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Wisconsin Team Engineers Hydrogen From Biomass

Date:
August 30, 2002
Source:
University Of Wisconsin-Madison
Summary:
In the search for a nonpolluting energy source, hydrogen is often cited as a potential source of unlimited clean power. But hydrogen is only as clean as the process used to make it. Currently, most hydrogen is made from fossil fuels like natural gas using multi-step and high-temperature processes.

MADISON - In the search for a nonpolluting energy source, hydrogen is often cited as a potential source of unlimited clean power. But hydrogen is only as clean as the process used to make it. Currently, most hydrogen is made from fossil fuels like natural gas using multi-step and high-temperature processes. Now, chemical engineers at the University of Wisconsin-Madison have developed a new process that produces hydrogen fuel from plants. This source of hydrogen is non-toxic, non-flammable and can be safely transported in the form of sugars.


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The above story is based on materials provided by University Of Wisconsin-Madison. Note: Materials may be edited for content and length.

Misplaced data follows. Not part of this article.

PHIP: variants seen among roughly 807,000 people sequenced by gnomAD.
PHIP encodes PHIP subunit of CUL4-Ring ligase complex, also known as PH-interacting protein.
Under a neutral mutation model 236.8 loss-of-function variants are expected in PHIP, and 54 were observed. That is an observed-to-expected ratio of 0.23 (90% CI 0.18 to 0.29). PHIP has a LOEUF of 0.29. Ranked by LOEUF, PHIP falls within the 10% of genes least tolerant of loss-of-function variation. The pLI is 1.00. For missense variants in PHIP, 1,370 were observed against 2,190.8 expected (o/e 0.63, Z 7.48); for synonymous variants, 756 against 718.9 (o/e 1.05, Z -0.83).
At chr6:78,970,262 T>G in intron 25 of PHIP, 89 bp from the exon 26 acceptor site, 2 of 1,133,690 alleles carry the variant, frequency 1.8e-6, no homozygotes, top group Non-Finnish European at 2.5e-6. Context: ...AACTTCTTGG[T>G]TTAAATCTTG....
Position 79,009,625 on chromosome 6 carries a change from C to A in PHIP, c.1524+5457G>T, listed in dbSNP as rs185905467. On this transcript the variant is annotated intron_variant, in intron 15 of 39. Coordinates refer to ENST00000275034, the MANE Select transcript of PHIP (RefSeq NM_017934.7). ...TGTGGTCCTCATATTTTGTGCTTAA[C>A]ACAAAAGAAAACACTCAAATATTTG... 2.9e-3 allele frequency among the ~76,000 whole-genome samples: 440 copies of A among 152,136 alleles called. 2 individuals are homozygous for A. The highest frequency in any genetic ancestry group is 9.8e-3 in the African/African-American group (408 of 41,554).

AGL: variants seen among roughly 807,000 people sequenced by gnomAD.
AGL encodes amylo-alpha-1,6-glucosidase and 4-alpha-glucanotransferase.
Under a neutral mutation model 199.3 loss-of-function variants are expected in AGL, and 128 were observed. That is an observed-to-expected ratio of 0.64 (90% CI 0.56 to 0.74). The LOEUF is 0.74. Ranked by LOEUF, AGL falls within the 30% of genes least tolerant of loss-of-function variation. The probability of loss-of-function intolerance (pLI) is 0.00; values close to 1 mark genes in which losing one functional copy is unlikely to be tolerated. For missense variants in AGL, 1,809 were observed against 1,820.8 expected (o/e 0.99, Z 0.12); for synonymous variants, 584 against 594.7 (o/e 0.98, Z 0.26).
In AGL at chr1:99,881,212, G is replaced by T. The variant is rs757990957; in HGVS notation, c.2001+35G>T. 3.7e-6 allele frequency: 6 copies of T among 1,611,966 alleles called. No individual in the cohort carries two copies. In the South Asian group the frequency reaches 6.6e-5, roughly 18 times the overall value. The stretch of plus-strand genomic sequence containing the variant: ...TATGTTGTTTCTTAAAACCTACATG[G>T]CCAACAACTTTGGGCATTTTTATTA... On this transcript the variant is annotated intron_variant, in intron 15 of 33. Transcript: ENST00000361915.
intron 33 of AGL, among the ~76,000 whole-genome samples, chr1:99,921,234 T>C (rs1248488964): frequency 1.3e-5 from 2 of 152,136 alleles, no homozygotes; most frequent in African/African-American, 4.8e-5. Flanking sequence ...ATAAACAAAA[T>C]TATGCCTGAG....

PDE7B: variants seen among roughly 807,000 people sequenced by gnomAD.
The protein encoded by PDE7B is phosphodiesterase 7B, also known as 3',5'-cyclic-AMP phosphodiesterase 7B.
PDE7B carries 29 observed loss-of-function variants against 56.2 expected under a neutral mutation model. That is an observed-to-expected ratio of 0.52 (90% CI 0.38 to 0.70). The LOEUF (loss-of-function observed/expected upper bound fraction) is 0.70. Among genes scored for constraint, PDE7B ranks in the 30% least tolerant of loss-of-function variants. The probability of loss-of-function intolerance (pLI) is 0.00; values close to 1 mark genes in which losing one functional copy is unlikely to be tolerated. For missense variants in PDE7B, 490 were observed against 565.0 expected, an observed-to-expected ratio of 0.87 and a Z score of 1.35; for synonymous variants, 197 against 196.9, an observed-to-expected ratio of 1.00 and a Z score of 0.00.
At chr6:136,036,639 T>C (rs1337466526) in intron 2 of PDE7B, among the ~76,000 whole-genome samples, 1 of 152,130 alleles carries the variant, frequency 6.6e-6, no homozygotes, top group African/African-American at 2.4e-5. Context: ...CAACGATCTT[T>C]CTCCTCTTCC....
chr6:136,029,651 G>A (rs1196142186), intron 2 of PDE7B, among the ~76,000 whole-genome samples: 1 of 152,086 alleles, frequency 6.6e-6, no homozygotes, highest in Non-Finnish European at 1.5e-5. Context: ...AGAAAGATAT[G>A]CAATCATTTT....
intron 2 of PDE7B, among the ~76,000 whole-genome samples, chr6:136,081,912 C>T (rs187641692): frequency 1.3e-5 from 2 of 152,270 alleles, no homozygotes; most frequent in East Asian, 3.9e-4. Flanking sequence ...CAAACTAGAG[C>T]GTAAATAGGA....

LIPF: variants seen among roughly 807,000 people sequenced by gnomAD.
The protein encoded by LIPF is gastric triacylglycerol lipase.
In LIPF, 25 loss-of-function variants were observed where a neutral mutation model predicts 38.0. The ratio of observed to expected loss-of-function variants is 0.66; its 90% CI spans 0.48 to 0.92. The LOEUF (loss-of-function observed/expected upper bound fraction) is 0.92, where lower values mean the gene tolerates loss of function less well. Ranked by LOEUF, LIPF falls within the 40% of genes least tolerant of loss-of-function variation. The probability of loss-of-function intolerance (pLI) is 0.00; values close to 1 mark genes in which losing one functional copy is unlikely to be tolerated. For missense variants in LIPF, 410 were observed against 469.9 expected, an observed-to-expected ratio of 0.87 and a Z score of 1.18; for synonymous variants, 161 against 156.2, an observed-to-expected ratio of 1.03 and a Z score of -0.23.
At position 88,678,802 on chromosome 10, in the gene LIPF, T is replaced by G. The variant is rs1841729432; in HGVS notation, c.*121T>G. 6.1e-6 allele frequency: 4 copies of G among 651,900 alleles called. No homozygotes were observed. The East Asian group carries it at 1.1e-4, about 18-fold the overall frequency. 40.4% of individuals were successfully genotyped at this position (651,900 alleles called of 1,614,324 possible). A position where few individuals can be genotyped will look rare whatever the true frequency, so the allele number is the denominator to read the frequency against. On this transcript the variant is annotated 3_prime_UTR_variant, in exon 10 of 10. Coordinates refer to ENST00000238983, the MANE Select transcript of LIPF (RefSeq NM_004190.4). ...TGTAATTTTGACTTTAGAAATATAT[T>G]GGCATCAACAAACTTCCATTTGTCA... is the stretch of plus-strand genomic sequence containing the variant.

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University Of Wisconsin-Madison. "Wisconsin Team Engineers Hydrogen From Biomass." ScienceDaily. ScienceDaily, 30 August 2002. <www.sciencedaily.com/releases/2002/08/020830072133.htm>.
University Of Wisconsin-Madison. (2002, August 30). Wisconsin Team Engineers Hydrogen From Biomass. ScienceDaily. Retrieved April 17, 2014 from www.sciencedaily.com/releases/2002/08/020830072133.htm
University Of Wisconsin-Madison. "Wisconsin Team Engineers Hydrogen From Biomass." ScienceDaily. www.sciencedaily.com/releases/2002/08/020830072133.htm (accessed April 17, 2014).

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